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More Exaggerations of the Benefits of Screening

February 18, 2015
By

Recent news stories touted a 22% drop in cancer death rates that has “spared the lives” of over 1.5 million people over the past two decades. The American Cancer Society (ACS) was attributed as explaining this drop as caused by U.S. smoking habits, extra attention to cancer prevention, improvements in various cancer treatments, and advances in early detection methods.

Maybe I’m being too picky, but this reads like they’re counting screening twice: extra attention to cancer prevention and advances in early detection. The other two points I have no qualms with.

As apparently pure coincidence, the International Journal of Epidemiology published a study by John Ioannidas and colleagues that reviewed all high-quality trials of cancer screening. Their conclusion was “Among currently available screening tests for diseases where death is a common outcome, reductions in disease-specific mortality are uncommon and reductions in all-cause mortality are very rare or non-existent.”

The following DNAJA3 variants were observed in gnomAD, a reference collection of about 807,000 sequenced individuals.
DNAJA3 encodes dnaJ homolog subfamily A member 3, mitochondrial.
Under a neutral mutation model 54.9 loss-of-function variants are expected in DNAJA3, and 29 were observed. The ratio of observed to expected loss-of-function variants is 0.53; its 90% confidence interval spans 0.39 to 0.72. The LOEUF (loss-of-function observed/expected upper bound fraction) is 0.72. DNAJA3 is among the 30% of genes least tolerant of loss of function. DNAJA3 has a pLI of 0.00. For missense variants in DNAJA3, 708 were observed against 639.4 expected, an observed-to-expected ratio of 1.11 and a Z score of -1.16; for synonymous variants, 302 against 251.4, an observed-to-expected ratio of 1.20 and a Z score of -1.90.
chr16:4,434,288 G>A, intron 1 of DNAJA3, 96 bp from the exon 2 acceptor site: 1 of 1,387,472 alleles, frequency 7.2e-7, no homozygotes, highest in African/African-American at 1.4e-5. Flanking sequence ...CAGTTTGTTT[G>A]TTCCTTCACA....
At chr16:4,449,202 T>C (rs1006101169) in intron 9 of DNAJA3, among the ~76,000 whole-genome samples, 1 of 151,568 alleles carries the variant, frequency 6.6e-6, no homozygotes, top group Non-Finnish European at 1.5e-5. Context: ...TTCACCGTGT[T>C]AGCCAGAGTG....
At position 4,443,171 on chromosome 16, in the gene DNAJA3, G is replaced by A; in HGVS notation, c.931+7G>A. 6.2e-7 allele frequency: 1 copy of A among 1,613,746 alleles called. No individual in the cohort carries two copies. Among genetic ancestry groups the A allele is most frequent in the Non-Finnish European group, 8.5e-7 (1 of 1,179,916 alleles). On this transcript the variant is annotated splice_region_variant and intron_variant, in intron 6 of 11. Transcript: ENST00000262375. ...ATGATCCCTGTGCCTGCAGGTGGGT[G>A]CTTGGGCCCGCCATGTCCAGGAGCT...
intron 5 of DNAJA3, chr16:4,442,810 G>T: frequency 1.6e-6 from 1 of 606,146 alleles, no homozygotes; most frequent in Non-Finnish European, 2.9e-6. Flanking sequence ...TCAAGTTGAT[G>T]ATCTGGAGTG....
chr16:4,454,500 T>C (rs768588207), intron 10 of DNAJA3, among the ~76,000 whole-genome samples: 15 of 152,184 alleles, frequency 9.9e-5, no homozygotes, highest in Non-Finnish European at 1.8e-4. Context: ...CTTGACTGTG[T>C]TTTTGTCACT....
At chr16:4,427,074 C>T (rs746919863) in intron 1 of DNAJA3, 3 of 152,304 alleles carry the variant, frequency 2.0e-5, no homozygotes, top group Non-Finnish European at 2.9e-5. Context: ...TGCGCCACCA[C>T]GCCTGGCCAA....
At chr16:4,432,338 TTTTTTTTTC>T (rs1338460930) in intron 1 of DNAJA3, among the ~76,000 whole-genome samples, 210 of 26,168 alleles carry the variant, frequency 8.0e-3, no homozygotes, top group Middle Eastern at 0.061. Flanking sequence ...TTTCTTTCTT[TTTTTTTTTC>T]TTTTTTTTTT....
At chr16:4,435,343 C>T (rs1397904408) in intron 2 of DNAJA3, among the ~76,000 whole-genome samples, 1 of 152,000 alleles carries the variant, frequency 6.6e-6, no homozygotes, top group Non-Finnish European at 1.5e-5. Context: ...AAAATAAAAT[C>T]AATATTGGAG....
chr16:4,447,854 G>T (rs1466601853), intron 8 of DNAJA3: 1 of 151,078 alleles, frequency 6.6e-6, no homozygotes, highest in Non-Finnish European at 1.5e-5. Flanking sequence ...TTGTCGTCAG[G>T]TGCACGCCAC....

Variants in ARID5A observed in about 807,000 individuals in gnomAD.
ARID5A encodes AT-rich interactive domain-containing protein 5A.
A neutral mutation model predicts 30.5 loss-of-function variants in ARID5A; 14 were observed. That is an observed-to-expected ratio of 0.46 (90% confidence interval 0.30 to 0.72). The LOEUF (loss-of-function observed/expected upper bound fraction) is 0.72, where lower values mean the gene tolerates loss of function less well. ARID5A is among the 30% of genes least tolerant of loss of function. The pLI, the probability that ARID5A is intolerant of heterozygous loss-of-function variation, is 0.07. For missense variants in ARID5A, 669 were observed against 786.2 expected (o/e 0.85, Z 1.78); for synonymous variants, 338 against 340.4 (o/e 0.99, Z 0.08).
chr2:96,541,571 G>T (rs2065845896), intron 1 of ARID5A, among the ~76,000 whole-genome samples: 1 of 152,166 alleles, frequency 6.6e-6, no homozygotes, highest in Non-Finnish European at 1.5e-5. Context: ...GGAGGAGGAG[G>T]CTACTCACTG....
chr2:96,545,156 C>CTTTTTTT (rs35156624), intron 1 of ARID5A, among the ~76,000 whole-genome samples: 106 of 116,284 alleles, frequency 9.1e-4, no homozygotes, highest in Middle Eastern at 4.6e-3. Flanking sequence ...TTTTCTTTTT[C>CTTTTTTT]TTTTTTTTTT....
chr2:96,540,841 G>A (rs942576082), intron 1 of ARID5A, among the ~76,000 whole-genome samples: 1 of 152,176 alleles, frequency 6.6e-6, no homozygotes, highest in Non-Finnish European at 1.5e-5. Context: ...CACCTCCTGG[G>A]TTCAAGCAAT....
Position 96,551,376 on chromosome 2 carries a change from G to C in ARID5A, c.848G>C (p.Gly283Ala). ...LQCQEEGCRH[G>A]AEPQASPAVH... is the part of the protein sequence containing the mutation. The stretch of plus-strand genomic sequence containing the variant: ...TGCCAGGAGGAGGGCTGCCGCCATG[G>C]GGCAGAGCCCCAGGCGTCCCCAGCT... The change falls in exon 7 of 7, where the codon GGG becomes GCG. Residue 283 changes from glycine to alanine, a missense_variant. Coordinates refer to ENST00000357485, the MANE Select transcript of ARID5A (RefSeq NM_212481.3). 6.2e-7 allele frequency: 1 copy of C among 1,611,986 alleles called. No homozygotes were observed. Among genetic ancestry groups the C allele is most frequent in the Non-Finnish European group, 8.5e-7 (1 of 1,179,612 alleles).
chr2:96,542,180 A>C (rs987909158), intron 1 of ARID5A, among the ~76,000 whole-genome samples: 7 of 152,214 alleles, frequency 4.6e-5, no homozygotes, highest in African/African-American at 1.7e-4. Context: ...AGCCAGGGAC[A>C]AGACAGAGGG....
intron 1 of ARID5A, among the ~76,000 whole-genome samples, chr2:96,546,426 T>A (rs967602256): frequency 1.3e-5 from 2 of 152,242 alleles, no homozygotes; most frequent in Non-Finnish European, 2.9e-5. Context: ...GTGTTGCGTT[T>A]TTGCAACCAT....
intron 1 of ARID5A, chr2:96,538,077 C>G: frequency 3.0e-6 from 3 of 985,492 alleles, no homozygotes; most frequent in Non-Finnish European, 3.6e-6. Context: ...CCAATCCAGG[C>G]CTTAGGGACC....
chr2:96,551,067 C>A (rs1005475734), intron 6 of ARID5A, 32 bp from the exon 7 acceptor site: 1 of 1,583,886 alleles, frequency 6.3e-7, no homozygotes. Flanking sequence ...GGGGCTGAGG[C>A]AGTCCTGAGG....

By burying the point about better treatments in the middle of the prevention statements, the ACS has possibly misled the public about the relative weights of the causes for improvement. The reality is the new cancer treatments are effective at extending the median life expectancy – at a cost of $100,000+ per course of treatment to gain a few months of life. Pushing more prevention is politically safe. Transparently spreading the news that the new generation of biologic cancer treatments are somewhat effective, but very costly, is not safe.

The ACS has made some improvements over the last 5 years by not blindly supporting every theoretical possibility for cancer detection/prevention. It still has a long way to go in leading this country to a more adult conversation about the costs and outcomes of cancer treatments.

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